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Great innovation builds on what comes before it and does not require people to make radical changes in beliefs or behavior. What often looks like breakthrough innovation is actually a small advance or twist on an established idea. That the change is evolutionary, however, doesn’t keep its impact from being revolutionary. Monitoring market evolution across the globe over time reveals patterns consistent across categories and markets. Consumer needs evolve in predictable ways. There are waves of successful mass-market innovation that mirror a natural evolution in consumer needs.



The Assassination of Richard Nixon film

Body Armour trailer

Gary Hamel: How to stay ahead of change


An adaptable company is always reinventing itself, always pioneering new markets.

I’ve been writing a lot about (also and ) recently and with good reasons, it’s THE most important skill any business or person can have. Prof. Gary Hamel published a couple of blog posts that he calls his never-to-be published book on , it is separated into 6 chapters of which here are the main ideas of each:


  1. It’s hard to out-run the future if you don’t see it coming.
  2. To change an organization you must first change minds.
  3. To give up the bird in the hand you must first see a flock in the bush.
  4. Nimble and quick beats big and beefy.
  5. Surrender your freedoms reluctantly; guard your liberties diligently.
  6. You have to build adaptability into your company’s DNA.

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Are you meeting change head on or are you staying ahead of it?

Build your innovation team around 3 types of innovators

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Recent research suggests that an is made up of certain characteristics, the fun part is putting these people together in a team and letting the sparks fly. Companies such as design powerhouse IDEO are know to have diverse types of people on their teams to source ideas from different points of views which not only helps in having a ton of ideas but also in finding converging ideas.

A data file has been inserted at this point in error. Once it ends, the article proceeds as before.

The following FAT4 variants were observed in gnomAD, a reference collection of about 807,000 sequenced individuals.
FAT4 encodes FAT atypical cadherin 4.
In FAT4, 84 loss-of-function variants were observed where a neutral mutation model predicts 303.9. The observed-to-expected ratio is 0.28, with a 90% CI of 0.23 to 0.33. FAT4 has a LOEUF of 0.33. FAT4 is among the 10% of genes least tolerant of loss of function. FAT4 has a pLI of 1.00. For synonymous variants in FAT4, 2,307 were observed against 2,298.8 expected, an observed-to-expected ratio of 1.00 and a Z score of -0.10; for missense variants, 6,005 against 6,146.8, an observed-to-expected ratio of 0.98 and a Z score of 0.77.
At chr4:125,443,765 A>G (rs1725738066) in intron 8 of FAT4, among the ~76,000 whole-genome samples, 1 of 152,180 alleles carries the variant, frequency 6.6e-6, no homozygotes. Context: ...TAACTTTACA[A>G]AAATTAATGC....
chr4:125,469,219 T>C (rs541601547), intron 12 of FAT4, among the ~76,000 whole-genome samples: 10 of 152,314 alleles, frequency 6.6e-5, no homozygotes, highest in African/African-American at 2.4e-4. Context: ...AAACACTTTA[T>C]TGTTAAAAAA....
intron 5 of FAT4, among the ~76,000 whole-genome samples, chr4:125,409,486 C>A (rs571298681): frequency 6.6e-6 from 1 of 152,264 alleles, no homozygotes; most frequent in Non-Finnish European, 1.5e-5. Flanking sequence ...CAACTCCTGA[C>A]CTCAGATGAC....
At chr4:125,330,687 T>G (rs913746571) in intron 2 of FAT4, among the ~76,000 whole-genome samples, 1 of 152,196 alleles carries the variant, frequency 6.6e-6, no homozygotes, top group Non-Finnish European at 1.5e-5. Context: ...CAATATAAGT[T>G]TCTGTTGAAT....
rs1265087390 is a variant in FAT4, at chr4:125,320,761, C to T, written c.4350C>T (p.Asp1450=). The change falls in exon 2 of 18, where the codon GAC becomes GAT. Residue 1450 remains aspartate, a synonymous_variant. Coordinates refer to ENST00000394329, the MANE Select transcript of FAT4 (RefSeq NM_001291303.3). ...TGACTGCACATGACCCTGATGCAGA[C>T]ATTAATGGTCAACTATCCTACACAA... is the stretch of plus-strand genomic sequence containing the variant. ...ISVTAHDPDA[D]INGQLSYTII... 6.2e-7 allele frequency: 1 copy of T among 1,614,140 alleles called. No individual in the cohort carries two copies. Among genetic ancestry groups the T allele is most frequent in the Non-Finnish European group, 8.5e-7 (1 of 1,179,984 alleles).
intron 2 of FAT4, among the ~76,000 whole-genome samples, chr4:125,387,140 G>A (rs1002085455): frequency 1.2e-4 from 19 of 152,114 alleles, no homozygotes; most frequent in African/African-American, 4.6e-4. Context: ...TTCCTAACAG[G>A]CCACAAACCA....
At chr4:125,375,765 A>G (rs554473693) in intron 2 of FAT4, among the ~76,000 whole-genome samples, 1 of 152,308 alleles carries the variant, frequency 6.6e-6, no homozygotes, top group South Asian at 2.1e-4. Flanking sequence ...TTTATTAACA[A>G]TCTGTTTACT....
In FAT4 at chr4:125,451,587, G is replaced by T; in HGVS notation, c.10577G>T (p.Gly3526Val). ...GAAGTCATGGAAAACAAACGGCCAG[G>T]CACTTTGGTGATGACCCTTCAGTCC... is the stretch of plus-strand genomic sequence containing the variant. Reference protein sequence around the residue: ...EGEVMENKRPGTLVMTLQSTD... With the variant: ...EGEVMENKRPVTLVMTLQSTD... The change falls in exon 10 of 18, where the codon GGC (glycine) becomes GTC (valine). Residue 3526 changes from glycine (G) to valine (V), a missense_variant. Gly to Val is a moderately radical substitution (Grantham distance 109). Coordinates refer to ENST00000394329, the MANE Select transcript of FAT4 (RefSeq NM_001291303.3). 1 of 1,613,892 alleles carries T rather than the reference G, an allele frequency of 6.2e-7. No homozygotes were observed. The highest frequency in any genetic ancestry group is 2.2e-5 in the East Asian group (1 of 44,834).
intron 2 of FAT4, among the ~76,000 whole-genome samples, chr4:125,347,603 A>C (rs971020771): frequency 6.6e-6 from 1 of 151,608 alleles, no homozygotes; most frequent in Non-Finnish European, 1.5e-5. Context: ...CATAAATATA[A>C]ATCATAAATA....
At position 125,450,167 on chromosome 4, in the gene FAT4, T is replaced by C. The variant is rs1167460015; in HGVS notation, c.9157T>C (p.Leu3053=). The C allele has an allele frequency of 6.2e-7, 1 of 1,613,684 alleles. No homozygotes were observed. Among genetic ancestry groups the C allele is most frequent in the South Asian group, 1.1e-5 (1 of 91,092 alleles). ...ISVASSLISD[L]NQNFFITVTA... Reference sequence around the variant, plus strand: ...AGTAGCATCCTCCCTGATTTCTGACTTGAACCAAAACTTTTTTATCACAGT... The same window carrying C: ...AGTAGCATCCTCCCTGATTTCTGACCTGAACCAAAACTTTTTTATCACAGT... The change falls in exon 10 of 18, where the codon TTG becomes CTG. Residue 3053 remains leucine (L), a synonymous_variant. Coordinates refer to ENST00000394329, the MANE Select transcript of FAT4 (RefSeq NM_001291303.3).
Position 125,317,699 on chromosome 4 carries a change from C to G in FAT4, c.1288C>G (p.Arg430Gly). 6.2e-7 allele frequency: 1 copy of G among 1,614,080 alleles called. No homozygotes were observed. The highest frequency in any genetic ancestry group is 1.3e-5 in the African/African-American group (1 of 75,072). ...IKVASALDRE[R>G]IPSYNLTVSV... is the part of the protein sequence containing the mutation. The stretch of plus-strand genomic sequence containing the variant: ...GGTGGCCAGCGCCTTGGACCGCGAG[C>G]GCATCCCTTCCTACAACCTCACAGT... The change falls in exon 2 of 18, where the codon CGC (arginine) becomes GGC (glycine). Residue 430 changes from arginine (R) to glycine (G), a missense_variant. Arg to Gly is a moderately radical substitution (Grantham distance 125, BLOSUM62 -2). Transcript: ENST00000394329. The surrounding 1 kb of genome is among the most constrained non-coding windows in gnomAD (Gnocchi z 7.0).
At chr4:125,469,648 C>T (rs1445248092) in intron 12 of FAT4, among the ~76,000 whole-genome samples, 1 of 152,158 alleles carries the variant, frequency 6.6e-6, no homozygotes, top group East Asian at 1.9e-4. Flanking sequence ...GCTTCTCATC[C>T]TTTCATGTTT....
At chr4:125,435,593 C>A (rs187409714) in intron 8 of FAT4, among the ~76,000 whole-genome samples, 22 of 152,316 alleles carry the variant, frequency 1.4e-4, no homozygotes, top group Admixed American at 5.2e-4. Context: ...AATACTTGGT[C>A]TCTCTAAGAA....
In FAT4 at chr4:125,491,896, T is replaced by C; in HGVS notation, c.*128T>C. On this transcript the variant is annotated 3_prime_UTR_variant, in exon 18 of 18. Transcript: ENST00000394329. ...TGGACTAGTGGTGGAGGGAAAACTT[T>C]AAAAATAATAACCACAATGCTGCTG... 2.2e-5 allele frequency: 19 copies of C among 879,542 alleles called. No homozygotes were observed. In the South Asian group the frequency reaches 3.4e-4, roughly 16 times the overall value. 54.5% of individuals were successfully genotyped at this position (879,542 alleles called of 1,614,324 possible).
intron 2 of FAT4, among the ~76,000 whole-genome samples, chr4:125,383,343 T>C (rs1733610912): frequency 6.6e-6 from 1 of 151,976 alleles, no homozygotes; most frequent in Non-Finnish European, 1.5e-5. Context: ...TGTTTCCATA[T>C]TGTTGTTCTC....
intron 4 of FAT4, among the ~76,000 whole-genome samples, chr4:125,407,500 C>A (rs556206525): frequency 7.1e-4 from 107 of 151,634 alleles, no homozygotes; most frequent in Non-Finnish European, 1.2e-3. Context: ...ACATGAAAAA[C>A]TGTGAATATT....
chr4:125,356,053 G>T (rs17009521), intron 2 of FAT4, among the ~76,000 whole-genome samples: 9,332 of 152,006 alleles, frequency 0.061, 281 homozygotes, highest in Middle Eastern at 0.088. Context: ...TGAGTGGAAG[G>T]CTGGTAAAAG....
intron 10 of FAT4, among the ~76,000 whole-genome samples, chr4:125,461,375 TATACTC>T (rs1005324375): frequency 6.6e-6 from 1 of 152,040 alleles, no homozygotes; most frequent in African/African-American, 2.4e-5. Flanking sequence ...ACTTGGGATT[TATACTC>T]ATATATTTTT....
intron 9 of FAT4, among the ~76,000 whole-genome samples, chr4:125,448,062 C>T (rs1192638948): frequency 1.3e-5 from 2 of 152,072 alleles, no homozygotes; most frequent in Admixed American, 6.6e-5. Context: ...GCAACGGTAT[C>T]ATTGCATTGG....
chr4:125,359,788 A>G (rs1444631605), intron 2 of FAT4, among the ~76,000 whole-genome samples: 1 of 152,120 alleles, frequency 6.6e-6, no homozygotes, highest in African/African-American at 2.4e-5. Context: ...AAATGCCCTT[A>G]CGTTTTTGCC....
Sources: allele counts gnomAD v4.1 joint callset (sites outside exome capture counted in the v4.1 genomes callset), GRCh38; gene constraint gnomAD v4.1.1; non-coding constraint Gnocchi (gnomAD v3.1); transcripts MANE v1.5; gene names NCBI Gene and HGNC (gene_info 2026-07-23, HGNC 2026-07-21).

buy A Face in the Crowd

In the presentation above Julian Keith Loren presents an interesting approach to building an innovation team by separating the specialists from the generalists.

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What do you think?

Follow Julian on Twitter

Mulan move

Weekend innovation tip: Use the Phoenix checklist to develop an original solution

Keeping a checklist of questions close to you (Moleskine notebook, Evernote) comes in very handy when you need some creative firepower. When presented with a challenge, knowing what to ask is the difference between doing more of the same and doing something extraordinary. was developed by the CIA to encourage agents to look at a challenge from different angles.

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Using Phoenix is like holding your challenge in your hand. You can turn it, look at it from the sides, from underneath, from above, giving you all the angles to arrive at an original solution.


Use the Phoenix to !